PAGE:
August 03, 2000
Before Judges Stern, Kestin and Steinberg.
The opinion of the court was delivered by: Kestin, J.A.D.
NOT FOR PUBLICATION WITHOUT THE APPROVAL OF THE APPELLATE DIVISION
Argued: January 12, 2000
Defendant appeals from the trial court's order clarifying and modifying the provision in the parties' 1981 judgment of divorce which purported to distribute defendant's pension equitably. We affirm.
Judge O'Donnell, who tried the contested issues at the time of the divorce, including those relating to equitable distribution, expressed his findings and conclusions in letter opinions dated May 4 and May 26, 1981. In making his equitable distribution determination regarding the pension, the judge expressly relied on Kikkert v. Kikkert, 177 N.J.Super. 471 (App. Div.), aff'd, 88 N.J. 4 (1981), and determined that that asset of the sixteen-year marriage should be distributed equally. After applying the coverture fraction, the judge calculated the marital value of the pension at the time the complaint was filed at $433.63 per month and, assuming defendant's retirement at age sixty-five, the judge made the following award in the June 30, 1981 judgment of divorce:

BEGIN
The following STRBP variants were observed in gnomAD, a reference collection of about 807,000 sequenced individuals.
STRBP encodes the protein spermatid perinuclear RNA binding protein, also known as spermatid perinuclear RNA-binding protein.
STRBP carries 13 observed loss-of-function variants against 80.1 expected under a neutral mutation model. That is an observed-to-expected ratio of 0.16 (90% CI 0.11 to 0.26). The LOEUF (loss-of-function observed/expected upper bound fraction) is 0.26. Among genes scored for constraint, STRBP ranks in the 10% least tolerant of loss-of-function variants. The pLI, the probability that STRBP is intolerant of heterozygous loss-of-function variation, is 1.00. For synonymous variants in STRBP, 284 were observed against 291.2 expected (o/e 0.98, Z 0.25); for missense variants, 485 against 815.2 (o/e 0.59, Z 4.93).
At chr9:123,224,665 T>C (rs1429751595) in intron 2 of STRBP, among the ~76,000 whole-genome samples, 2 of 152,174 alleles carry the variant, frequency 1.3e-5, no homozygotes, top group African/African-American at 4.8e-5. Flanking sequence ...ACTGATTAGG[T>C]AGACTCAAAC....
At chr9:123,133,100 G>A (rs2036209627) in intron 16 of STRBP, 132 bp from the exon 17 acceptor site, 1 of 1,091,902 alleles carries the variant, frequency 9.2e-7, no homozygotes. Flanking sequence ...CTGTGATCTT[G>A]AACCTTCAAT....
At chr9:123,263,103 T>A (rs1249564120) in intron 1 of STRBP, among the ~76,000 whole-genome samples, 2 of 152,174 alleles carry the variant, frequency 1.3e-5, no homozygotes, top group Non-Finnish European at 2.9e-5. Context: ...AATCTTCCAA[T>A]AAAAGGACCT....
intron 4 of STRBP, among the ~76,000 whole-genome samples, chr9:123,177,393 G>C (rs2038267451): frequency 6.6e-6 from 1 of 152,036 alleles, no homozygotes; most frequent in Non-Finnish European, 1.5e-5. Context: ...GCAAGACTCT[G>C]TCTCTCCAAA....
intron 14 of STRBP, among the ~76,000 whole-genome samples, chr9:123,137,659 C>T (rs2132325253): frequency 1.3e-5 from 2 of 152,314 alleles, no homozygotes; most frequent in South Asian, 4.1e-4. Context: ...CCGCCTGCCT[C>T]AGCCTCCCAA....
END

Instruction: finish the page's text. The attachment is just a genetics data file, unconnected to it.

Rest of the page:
[U]pon defendant attaining the age of 65 years, plaintiff shall be awarded one-half of defendant's pension, at its value on August 1, 1979 in the amount of $433.63, or $216.82 per month[.]
In 1987, after qualified domestic relations orders (QDROs) were authorized by federal statute, a consent order was entered to satisfy the requirements of the pension administrator. The order provided, inter alia, that plaintiff was:
to begin receiving payments in the amount of $216.62 [sic] per month at the time the participant [defendant] reaches the age of 65 years. . . .
Defendant, however, retired on January 14, 1996, at the age of fifty-six and began collecting his pension. By letter dated February 8, 1996, the pension administrator advised plaintiff of that fact and proposed to begin immediate payment to her of the dollar share fixed in the QDRO, $216.62 per month. On February 26, the pension administrator's position had changed to one of strict compliance with the terms of the order: